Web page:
CHAMPIONSHIP SCIENCE FAIR PROJECTS

100 SURE-TO-WIN EXPERIMENTS

Safe and easy-to-do science-fair experiments for the novice investigator using household items, including the familiar “Make a battery with a lemon,” and the less familiar “Show that a grape repels both poles of a magnet” (because it is diamagnetic). Each two-page project begins with a catch title, a list of what experimenters need, procedure, what they should notice, what happened, digging deeper, a line drawing and more things to try. Some projects are so briefly described that the reader may wonder, for example, how do you know the white gunky stuff you get from blending fresh spinach, salt and detergent is spinach DNA? While most projects will need significant elaboration and further research to qualify for a science fair, there’s plenty here to intrigue, and it’s attractively packaged in a sturdy binding with a zingy yellow lemon battery on the cover. Includes a word on safety, guidelines for setting up a science-fair project and an index. (Nonfiction. 10-14)

Pub Date: May 15, 2005

ISBN: 1-4027-1138-7

Page Count: 208

Publisher: Sterling

Review Posted Online: May 20, 2010

Kirkus Reviews Issue: May 1, 2005

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Middle school worries and social issues skillfully woven into a moving, hopeful, STEM-related tale.

THE EXACT LOCATION OF HOME

Following the precise coordinates of geocaching doesn’t yield the treasure Kirby Zagonski Jr. seeks: his missing father.

Geeky eighth-grader Kirby can’t understand why his mother won’t call his dad after their generous landlady dies and they’re evicted for nonpayment of rent. Though his parents have been divorced for several years and his father, a wealthy developer, has been unreliable, Kirby is sure he could help. Instead he and his mother move to the Community Hospitality Center, a place “for the poor. The unfortunate. The homeless.” Suddenly A-student Kirby doesn’t have a quiet place to do his schoolwork or even a working pencil. They share a “family room” with a mother and young son fleeing abuse. Trying to hide this from his best friends, Gianna and Ruby, is a struggle, especially as they spend after-school hours together. The girls help him look for the geocaches visited by “Senior Searcher,” a geocacher Kirby is sure is his father. There are ordinary eighth-grade complications in this contemporary friendship tale, too; Gianna just might be a girlfriend, and there’s a dance coming up. Kirby’s first-person voice is authentic, his friends believable, and the adults both sometimes helpful and sometimes unthinkingly cruel. The setting is the largely white state of Vermont, but the circumstances could be anywhere.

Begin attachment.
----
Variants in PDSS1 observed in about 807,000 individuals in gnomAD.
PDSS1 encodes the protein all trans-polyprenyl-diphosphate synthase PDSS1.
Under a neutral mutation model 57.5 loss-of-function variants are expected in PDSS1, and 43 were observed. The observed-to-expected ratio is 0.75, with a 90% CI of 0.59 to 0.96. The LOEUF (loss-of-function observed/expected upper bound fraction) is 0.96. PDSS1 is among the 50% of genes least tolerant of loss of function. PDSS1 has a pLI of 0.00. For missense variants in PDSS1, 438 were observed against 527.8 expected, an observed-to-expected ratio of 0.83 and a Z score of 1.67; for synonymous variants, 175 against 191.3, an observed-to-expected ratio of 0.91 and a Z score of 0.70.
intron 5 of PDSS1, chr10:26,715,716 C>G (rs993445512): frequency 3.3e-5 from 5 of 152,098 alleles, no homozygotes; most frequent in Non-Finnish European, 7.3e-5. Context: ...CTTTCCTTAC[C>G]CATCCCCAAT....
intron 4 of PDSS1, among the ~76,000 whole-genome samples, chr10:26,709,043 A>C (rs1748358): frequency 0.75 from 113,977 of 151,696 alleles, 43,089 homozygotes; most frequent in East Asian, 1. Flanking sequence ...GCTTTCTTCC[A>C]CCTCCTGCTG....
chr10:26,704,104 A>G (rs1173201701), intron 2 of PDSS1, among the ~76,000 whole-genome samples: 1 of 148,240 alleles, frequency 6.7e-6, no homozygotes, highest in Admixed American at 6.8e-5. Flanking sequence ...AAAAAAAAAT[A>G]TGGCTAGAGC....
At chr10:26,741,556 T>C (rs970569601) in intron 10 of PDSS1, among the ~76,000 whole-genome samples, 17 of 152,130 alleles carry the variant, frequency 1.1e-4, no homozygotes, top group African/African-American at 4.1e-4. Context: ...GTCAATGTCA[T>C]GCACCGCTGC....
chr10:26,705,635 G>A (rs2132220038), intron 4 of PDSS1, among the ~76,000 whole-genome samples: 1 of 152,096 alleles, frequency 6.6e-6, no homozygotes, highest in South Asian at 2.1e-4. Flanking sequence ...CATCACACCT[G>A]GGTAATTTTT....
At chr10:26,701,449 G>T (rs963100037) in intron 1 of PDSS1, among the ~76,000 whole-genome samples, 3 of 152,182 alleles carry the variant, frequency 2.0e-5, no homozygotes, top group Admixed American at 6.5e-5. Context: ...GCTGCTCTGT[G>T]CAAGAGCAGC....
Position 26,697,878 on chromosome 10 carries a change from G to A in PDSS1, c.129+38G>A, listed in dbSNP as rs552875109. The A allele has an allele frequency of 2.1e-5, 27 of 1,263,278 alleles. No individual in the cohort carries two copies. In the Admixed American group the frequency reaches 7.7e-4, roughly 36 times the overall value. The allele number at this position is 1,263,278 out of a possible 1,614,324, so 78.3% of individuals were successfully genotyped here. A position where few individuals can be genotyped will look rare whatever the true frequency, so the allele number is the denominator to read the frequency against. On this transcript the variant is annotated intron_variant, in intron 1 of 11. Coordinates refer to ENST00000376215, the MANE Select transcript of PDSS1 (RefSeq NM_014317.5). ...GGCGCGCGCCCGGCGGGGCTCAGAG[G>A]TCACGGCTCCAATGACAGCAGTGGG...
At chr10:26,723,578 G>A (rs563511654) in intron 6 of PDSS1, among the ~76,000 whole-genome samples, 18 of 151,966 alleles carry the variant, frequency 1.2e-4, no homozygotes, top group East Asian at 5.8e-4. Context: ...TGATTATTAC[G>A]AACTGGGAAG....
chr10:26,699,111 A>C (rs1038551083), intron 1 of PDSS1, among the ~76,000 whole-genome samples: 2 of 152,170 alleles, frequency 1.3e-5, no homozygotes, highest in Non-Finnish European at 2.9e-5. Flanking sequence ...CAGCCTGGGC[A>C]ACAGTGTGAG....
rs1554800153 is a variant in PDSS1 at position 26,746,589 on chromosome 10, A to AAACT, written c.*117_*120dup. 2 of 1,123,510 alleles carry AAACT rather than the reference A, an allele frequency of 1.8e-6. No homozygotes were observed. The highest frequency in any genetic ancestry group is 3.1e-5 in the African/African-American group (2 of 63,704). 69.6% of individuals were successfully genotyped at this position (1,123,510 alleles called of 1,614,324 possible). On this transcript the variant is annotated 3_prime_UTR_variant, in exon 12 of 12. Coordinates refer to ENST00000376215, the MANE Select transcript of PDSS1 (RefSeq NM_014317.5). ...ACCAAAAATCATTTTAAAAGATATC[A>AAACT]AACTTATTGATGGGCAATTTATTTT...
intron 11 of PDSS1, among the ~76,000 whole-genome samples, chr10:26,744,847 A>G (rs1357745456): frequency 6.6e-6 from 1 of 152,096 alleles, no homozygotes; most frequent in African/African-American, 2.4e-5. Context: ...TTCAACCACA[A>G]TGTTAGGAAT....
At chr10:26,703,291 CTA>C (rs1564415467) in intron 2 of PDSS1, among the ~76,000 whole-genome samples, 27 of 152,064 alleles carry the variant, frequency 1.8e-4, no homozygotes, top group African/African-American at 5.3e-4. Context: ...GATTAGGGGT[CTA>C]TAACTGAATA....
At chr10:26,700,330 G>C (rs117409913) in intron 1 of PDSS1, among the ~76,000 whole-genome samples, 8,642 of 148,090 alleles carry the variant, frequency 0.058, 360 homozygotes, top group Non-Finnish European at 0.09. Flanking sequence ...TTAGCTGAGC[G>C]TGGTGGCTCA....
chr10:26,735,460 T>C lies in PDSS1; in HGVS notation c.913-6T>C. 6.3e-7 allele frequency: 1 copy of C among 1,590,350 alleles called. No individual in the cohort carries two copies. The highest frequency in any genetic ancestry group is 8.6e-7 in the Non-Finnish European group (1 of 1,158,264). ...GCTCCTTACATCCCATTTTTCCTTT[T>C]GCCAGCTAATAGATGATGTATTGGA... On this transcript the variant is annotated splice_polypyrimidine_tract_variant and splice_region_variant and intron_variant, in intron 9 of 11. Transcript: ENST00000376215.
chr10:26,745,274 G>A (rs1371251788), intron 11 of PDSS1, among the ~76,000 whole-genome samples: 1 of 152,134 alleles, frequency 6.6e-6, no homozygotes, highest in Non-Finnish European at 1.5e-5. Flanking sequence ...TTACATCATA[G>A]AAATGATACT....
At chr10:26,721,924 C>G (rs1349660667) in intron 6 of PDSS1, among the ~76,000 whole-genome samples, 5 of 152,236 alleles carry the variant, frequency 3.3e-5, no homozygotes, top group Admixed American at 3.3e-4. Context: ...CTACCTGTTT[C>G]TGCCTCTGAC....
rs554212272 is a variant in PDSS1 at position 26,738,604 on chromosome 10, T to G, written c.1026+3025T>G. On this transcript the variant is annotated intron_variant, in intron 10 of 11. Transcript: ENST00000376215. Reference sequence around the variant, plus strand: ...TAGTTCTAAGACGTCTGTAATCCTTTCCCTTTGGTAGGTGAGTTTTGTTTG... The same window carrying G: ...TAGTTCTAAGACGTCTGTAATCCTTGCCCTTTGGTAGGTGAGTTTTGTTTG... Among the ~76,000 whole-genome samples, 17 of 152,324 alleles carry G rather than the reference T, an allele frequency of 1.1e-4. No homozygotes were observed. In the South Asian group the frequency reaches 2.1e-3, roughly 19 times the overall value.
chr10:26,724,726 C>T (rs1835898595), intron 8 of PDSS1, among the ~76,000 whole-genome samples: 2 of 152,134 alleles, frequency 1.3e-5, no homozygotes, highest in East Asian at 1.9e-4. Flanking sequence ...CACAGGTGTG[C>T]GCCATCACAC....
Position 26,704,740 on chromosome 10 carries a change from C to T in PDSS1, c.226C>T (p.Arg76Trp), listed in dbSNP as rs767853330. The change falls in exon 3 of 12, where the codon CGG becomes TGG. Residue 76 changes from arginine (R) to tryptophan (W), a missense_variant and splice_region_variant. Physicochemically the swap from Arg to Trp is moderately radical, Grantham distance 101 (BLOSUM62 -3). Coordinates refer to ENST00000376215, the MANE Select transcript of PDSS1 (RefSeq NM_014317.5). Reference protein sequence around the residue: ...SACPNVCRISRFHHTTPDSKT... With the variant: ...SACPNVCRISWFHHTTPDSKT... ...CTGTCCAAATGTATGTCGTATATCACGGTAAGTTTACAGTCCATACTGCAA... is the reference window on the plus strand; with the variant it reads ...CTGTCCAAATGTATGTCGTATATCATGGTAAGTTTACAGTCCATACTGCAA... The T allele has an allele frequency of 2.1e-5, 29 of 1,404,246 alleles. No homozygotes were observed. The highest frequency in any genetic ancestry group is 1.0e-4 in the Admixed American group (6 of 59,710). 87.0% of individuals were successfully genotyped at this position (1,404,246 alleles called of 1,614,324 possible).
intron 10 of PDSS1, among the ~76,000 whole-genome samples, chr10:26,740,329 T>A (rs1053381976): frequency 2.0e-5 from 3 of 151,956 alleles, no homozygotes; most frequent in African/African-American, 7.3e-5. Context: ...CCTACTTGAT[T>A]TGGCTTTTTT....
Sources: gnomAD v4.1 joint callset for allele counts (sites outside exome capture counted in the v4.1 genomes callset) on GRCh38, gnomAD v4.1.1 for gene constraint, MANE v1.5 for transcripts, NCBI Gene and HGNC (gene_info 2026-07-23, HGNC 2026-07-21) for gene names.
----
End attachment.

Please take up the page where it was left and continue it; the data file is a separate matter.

Middle school worries and social issues skillfully woven into a moving, hopeful, STEM-related tale. (Fiction. 10-14)

Pub Date: Sept. 12, 2017

ISBN: 978-1-68119-548-3

Page Count: 256

Publisher: Bloomsbury

Review Posted Online: Aug. 7, 2017

Kirkus Reviews Issue: Aug. 15, 2017

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THE PUMPKIN BOOK

The Pumpkin Book (32 pp.; $16.95; Sept. 15; 0-8234-1465-5): From seed to vine and blossom to table, Gibbons traces the growth cycle of everyone’s favorite autumn symbol—the pumpkin. Meticulous drawings detail the transformation of tiny seeds to the colorful gourds that appear at roadside stands and stores in the fall. Directions for planting a pumpkin patch, carving a jack-o’-lantern, and drying the seeds give young gardeners the instructions they need to grow and enjoy their own golden globes. (Picture book. 4-8)

Pub Date: Sept. 15, 1999

ISBN: 0-8234-1465-5

Page Count: 32

Publisher: Holiday House

Review Posted Online: May 20, 2010

Kirkus Reviews Issue: July 15, 1999

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